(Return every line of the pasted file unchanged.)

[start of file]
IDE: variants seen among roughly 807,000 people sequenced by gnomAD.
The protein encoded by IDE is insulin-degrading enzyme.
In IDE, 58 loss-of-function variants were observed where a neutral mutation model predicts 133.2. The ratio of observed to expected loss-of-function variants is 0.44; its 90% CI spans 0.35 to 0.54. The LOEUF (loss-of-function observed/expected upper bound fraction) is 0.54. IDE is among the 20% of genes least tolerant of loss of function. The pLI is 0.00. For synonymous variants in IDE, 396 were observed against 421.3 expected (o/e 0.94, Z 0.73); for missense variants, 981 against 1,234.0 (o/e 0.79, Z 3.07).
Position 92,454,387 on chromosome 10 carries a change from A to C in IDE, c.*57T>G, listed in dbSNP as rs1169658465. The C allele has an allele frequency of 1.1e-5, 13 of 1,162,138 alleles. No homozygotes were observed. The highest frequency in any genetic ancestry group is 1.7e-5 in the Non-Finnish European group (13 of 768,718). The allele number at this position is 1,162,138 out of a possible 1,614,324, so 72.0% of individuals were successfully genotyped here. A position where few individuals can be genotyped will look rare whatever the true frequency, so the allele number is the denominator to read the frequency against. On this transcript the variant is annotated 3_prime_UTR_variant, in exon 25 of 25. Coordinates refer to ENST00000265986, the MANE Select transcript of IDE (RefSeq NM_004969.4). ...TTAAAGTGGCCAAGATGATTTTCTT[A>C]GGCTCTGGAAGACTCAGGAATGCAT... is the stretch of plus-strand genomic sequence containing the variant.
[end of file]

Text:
IDE: variants seen among roughly 807,000 people sequenced by gnomAD.
The protein encoded by IDE is insulin-degrading enzyme.
In IDE, 58 loss-of-function variants were observed where a neutral mutation model predicts 133.2. The ratio of observed to expected loss-of-function variants is 0.44; its 90% CI spans 0.35 to 0.54. The LOEUF (loss-of-function observed/expected upper bound fraction) is 0.54. IDE is among the 20% of genes least tolerant of loss of function. The pLI is 0.00. For synonymous variants in IDE, 396 were observed against 421.3 expected (o/e 0.94, Z 0.73); for missense variants, 981 against 1,234.0 (o/e 0.79, Z 3.07).
Position 92,454,387 on chromosome 10 carries a change from A to C in IDE, c.*57T>G, listed in dbSNP as rs1169658465. The C allele has an allele frequency of 1.1e-5, 13 of 1,162,138 alleles. No homozygotes were observed. The highest frequency in any genetic ancestry group is 1.7e-5 in the Non-Finnish European group (13 of 768,718). The allele number at this position is 1,162,138 out of a possible 1,614,324, so 72.0% of individuals were successfully genotyped here. A position where few individuals can be genotyped will look rare whatever the true frequency, so the allele number is the denominator to read the frequency against. On this transcript the variant is annotated 3_prime_UTR_variant, in exon 25 of 25. Coordinates refer to ENST00000265986, the MANE Select transcript of IDE (RefSeq NM_004969.4). ...TTAAAGTGGCCAAGATGATTTTCTT[A>C]GGCTCTGGAAGACTCAGGAATGCAT... is the stretch of plus-strand genomic sequence containing the variant.